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The European Parliament has voted in favor of the Copyright Directive, a controversial piece of legislation intended to update online copyright laws for the internet age. The most important parts of this are Articles 11 and 13. Article 11 is intended to give publishers and papers a way to make money when companies link to their stories, allowing them to demand paid licenses. Article 13 requires certain platforms stop users sharing unlicensed copyrighted material. In the case of Article 11, they note that attempts to “tax” platforms for sharing articles have repeatedly failed, and that the system would be ripe to abuse by copyright trolls. Article 13, they say, is even worse. The legislation requires that platforms proactively work with rightsholders to stop users uploading copyrighted content.
originally posted by: BrianFlanders
Frankly, I'm surprised it's taken them as long as it has to wreck the internet. The first time I signed on way back in the AOL days with my snail slow dialup, I thought "Wow! This is too awesome! Why do they allow this? There's got to be a catch!"
I mean, I was still paying for cable then so it was an odd clash of ideas to go from my TV to my PC and back to my TV and so on and so forth.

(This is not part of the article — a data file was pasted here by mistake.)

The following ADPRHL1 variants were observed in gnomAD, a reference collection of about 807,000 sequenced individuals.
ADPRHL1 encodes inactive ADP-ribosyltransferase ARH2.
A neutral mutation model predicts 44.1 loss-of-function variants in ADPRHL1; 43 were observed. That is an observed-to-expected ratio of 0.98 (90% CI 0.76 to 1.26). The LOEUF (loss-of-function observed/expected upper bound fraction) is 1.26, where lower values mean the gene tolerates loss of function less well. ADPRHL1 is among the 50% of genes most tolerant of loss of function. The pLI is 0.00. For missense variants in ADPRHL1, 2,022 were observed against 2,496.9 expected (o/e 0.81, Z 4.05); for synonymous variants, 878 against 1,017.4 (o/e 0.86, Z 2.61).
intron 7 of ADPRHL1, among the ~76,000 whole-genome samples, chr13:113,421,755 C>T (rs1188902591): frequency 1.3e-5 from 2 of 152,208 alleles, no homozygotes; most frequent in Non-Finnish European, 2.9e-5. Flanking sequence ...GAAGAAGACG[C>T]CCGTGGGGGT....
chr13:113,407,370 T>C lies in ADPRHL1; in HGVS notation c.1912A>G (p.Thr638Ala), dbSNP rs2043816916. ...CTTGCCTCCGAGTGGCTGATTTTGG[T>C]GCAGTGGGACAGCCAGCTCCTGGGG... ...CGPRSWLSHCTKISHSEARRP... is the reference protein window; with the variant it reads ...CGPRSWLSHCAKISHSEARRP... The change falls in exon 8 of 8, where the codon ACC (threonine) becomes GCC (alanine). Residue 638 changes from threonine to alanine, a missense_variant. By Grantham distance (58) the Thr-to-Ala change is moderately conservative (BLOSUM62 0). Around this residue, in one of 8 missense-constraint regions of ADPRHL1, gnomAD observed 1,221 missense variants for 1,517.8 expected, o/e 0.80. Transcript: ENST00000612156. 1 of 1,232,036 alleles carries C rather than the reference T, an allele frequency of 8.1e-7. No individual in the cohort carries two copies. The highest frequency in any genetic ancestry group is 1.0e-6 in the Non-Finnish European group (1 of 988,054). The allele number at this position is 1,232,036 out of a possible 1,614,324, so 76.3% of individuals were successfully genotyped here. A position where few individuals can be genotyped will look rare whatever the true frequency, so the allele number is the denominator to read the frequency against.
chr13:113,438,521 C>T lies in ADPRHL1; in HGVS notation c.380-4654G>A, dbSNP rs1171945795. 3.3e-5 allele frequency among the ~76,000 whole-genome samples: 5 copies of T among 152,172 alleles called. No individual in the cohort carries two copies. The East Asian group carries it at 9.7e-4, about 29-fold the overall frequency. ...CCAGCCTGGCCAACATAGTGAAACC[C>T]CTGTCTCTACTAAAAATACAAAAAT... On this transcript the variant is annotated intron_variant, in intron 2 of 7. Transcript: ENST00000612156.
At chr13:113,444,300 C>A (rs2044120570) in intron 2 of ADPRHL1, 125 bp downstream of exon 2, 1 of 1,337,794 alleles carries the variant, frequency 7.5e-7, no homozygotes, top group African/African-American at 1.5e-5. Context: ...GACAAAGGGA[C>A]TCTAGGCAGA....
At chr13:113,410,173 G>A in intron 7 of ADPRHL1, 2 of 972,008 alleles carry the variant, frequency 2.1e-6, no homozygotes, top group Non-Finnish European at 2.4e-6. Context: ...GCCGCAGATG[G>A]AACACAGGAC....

I did some research on this on my own because of how heavily spun most stories on ATS are these days. What I found out about the link tax was enough to be against this law. Apparently, there will be some red tape involved if someone wants to link to and quote a news source, which I do on ATS all the time and consider to be good policy.
Google is mostly being targeted for showing snippets of other websites in search results. I disagree with punishing Google for this, as I think it only benefits those who show up in the search results. How else do they expect to get viewers if viewers can’t find them on search engines? In fact, when a law like this appeared in Spain, Google simply stopped showing Spanish news outlets in their search results.
Here is a news source with further information from Forbes: Forbes It turns out the law would require someone to have a license to link to a news story. This is simply ridiculous and gets in the way of the Information Age.
You have guns to over throw the unelected officials who are ruling over you...wait, eh